Even by 2018 standards of political gaslighting, which are robust, dropping hints that Mueller should be disqualified from Russiagate without explaining why is top-notch. Watch, then read on:

The NYT reported in January that last year, when Trump nearly fired Mueller, he named three potential conflicts of interest to his advisors as possible justifications. (Just as no one believes Comey was fired for mishandling the Clinton email investigation, no one would have believed that Mueller was canned due to ethical reasons. In both cases Trump was aiming at his chief Russiagate antagonist.) One was the fact that Mueller recently worked for the same law firm that Jared Kushner’s attorneys, Jamie Gorelick and Abbe Lowell, worked for. That’s a serious conflict potentially if Mueller worked on business related to Kushner while at the firm or had access to confidential information provided to him. The DOJ’s ethics team looked at it before he was named special counsel, though, and gave him the green light. If this is the conflict Trump has in mind then he’ll be undermining the judgment of his own Justice Department. Which wouldn’t be unusual, but still.

The second supposed conflict is the fact that Mueller interviewed with Trump for the position of FBI director after Comey was fired but before he was named special counsel. I think there could be a potential conflict there with more information — for instance, is there reason to think Mueller coveted the position and might hold a grudge against Trump for being passed over? Seems unlikely given that he’d had that job for 12 years before Comey took over. Is there reason to think Trump said something about Russiagate during their interview for the FBI job that Mueller might now try to use against him as special counsel? Also possible but unlikely. Why would Trump have said something damaging to a guy whom he didn’t know and hadn’t hired yet? If that’s the claim POTUS is making, he should make it explicitly.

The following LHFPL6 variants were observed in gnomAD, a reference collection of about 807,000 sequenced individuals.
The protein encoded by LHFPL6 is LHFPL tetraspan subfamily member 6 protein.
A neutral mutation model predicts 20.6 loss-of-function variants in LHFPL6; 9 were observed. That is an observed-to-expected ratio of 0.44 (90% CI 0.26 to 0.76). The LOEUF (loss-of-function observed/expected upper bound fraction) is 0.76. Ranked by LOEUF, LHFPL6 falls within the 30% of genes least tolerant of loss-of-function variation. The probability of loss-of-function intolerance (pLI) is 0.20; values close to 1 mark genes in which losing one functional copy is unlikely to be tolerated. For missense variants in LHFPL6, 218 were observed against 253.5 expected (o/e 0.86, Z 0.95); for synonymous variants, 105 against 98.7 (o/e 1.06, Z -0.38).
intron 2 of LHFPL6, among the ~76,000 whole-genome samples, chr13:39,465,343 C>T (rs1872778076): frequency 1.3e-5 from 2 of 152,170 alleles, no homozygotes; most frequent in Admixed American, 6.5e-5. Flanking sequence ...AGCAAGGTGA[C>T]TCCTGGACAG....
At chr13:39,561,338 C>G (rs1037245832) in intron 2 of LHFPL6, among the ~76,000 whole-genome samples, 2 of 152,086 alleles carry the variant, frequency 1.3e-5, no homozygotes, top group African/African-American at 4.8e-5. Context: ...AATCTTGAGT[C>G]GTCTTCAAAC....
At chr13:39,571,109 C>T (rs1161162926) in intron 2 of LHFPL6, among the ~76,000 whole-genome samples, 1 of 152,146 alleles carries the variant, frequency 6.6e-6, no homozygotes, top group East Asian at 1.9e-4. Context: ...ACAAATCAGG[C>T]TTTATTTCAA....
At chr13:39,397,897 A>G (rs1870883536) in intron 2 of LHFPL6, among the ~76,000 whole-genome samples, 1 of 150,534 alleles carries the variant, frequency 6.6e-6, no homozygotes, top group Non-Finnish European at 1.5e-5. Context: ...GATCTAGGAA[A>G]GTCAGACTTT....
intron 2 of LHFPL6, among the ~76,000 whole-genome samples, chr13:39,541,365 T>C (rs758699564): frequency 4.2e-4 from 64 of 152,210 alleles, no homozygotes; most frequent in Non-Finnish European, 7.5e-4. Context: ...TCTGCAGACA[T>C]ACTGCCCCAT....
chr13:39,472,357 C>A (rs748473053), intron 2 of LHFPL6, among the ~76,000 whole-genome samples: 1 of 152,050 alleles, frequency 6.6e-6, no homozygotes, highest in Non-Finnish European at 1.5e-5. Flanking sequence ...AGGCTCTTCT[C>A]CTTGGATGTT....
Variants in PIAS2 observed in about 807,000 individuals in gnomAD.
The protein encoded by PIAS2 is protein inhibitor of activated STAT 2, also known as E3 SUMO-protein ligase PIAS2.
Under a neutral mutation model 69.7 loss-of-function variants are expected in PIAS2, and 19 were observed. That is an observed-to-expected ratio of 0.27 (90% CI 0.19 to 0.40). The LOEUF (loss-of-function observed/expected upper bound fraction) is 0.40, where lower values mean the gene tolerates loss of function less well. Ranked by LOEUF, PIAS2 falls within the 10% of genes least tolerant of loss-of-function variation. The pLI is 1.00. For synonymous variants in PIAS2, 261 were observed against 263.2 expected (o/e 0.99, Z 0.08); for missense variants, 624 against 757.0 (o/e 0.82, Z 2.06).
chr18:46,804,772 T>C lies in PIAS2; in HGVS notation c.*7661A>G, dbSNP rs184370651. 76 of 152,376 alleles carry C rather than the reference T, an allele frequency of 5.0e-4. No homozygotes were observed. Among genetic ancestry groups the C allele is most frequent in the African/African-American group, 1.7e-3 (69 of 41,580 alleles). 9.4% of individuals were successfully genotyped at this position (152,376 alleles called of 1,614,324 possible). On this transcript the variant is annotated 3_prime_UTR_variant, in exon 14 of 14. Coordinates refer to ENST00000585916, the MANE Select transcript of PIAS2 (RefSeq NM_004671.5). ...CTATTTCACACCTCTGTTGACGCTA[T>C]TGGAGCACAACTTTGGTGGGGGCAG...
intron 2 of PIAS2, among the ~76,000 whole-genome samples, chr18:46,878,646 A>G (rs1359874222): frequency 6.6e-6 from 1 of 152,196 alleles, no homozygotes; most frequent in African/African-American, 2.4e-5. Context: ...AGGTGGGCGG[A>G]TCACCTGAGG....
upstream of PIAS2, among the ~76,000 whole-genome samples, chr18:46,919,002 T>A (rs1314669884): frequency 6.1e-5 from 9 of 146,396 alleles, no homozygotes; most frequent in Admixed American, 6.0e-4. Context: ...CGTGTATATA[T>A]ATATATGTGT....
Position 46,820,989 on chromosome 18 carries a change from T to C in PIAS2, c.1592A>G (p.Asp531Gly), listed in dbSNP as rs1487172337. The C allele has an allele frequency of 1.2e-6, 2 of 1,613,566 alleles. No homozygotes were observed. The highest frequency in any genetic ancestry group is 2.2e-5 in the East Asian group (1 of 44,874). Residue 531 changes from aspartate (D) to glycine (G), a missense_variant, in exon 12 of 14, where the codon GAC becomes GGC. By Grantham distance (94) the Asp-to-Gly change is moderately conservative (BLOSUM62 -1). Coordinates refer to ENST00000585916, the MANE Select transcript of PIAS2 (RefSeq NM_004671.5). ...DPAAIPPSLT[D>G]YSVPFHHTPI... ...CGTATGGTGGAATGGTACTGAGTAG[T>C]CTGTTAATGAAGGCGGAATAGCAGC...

In any case, neither one of those hypothetical conflicts is the one that Giuliani’s hinting at. He refers to a “dispute,” which Trump himself also hinted at this morning:

That brings us to the third conflict named in the NYT’s January story: The … golf-dues matter, which has been kicked around for a full year now as potentially disqualifying. Has Bob Mueller been running a vendetta against Trump for the past seven years over a golf course? And somehow that vendetta only manifested itself after he was appointed Russiagate special counsel in 2017?

Special Counsel Robert Mueller relinquished his membership at a golf course owned by President Donald Trump ‘without dispute’ [in 2011], his office said amid a new effort to muddy the investigator…

Membership fees at Trump golf courses around the country vary. They are $14,000 and $25,000 at another, according to a McClatchy report, and far higher at Mar-a-lago, where Trump jets frequently during the winter and keeps a residence.

Those who choose to walk away do not get their money back. ‘No portion of an Initiation Fee will be refundable in connection with a member’s resignation,” said a membership plan at a Trump National Course in Colts Neck, New Jersey obtained by the paper.

It’s unclear how much the amount in dispute was in Mueller’s case. It’s also unclear (to me at least) whether the dispute was over initiation fees, which can be exorbitant, or over monthly dues, which are much smaller sums. WaPo followed up on the story in January and said it was about dues: “The dispute was hardly a dispute at all. According to a person familiar with the matter, Mueller had sent a letter requesting a dues refund in accordance with normal club practice and never heard back.” That makes it sounds like Mueller relinquished his membership in the middle of the month and then asked for reimbursement of the monthly amount he had already paid. If so, we’d be talking about a small amount, too small to plausibly justify someone holding a grudge for the better part of a decade over it. If we’re talking about the initiation fee instead, that would be a much larger amount of money.

But why would Mueller think he was entitled to a refund of the initiation fee? The term itself implies that it’s nonrefundable.

In the end, you come back to Alisyn Camerota’s question. If Trump believes there’s a serious financial “dispute” that disqualifies Mueller on conflict grounds, why won’t he just specify it? Is it because his lawyers think it would sound nutty to try to shift the Russiagate debate towards a debate over golf dues?